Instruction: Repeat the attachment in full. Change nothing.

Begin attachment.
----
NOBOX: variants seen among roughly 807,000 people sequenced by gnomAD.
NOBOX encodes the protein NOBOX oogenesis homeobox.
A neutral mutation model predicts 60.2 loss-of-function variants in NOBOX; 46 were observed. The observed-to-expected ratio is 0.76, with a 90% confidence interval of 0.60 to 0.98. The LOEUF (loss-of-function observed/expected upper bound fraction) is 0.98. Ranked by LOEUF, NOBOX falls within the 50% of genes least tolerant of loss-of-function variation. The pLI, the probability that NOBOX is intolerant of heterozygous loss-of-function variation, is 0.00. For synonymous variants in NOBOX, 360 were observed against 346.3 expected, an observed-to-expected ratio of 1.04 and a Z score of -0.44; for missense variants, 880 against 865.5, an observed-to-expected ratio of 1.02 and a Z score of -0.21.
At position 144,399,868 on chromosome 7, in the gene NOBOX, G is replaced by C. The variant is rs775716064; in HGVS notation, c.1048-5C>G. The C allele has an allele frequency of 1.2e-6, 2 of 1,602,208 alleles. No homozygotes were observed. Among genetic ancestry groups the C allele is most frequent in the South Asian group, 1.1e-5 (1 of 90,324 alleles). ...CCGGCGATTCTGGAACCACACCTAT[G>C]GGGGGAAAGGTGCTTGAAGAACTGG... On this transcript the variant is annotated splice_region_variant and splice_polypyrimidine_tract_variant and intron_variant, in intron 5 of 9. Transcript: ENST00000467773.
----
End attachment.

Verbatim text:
NOBOX: variants seen among roughly 807,000 people sequenced by gnomAD.
NOBOX encodes the protein NOBOX oogenesis homeobox.
A neutral mutation model predicts 60.2 loss-of-function variants in NOBOX; 46 were observed. The observed-to-expected ratio is 0.76, with a 90% confidence interval of 0.60 to 0.98. The LOEUF (loss-of-function observed/expected upper bound fraction) is 0.98. Ranked by LOEUF, NOBOX falls within the 50% of genes least tolerant of loss-of-function variation. The pLI, the probability that NOBOX is intolerant of heterozygous loss-of-function variation, is 0.00. For synonymous variants in NOBOX, 360 were observed against 346.3 expected, an observed-to-expected ratio of 1.04 and a Z score of -0.44; for missense variants, 880 against 865.5, an observed-to-expected ratio of 1.02 and a Z score of -0.21.
At position 144,399,868 on chromosome 7, in the gene NOBOX, G is replaced by C. The variant is rs775716064; in HGVS notation, c.1048-5C>G. The C allele has an allele frequency of 1.2e-6, 2 of 1,602,208 alleles. No homozygotes were observed. Among genetic ancestry groups the C allele is most frequent in the South Asian group, 1.1e-5 (1 of 90,324 alleles). ...CCGGCGATTCTGGAACCACACCTAT[G>C]GGGGGAAAGGTGCTTGAAGAACTGG... On this transcript the variant is annotated splice_region_variant and splice_polypyrimidine_tract_variant and intron_variant, in intron 5 of 9. Transcript: ENST00000467773.